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Showing 2 posts in Stormwater.

One of the finest lines that environmental attorneys walk is in protecting communications between counsel and a retained environmental consultant from disclosure in litigation.  In a recent case out of the Northern District of Indiana, Valley Forge Ins. Co. v. Hartford Iron & Metal, Inc., No. 1:14-cv-00006 (N.D. Ill. Apr. 14, 2017), the Court found that communications between counsel and consultants retained by the counsel  were not protected by the attorney-client privilege, in large part because the consultants also performed remedial work.  However, as the work was done "in anticipation of litigation" with, among others, the Indiana Department of Environmental Management (IDEM) and EPA, substantive communications were protected by the attorney work product doctrine.   Read More »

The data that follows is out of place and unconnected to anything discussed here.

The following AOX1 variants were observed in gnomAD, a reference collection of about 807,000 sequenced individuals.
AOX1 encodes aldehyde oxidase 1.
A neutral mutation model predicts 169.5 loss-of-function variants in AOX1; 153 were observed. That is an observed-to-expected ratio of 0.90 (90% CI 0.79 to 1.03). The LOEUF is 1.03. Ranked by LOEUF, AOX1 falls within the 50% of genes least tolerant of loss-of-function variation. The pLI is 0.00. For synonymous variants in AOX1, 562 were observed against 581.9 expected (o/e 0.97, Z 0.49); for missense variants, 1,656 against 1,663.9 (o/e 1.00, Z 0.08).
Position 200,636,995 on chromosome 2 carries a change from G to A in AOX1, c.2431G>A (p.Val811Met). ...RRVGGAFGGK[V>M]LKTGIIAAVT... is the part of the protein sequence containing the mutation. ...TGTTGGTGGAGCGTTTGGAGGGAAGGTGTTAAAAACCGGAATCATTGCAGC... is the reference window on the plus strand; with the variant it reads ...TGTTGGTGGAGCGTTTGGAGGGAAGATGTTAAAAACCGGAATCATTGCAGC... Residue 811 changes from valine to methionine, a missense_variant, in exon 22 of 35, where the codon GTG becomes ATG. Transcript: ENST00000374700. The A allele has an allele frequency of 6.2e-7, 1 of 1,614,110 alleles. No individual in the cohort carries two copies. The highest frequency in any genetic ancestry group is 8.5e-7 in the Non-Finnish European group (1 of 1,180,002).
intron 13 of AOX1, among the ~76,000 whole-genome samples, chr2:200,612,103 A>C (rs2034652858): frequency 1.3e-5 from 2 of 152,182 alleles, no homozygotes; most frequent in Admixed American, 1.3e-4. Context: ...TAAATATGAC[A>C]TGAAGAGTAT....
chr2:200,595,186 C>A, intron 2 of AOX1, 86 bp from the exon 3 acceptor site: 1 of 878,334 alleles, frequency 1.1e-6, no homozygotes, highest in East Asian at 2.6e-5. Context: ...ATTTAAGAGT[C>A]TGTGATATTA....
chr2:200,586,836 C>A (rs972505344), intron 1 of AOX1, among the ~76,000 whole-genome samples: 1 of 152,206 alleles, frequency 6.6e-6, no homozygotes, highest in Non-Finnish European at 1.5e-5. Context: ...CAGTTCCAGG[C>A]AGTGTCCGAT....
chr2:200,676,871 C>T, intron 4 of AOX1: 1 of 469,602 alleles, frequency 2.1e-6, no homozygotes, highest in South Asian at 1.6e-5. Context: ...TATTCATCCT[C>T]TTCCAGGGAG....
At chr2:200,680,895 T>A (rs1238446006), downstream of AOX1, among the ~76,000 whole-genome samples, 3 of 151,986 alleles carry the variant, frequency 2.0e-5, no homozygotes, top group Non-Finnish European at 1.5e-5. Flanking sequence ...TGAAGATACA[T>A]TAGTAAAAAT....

Three public-water-system-operating California cities brought suit in the Northern District of California against Monsanto alleging that Monsanto’s manufacture and sale of PCB-containing products from the 1930s through the 1970s caused pollution that increased the cities’ cost and ability to comply with federal stormwater discharge regulations for discharge into the San Francisco Bay.  Monsanto sought to dismiss the claims and in City of San Jose v. Monsanto Company, Nos. 15-3178, 15-5152, & 16-0071 (N.D.CA. Aug. 22, 2016), the United States District Court for the Northern District of California granted the motion, but allowed the municipalities to amend their complaints as to their nuisance causes of action. Read More »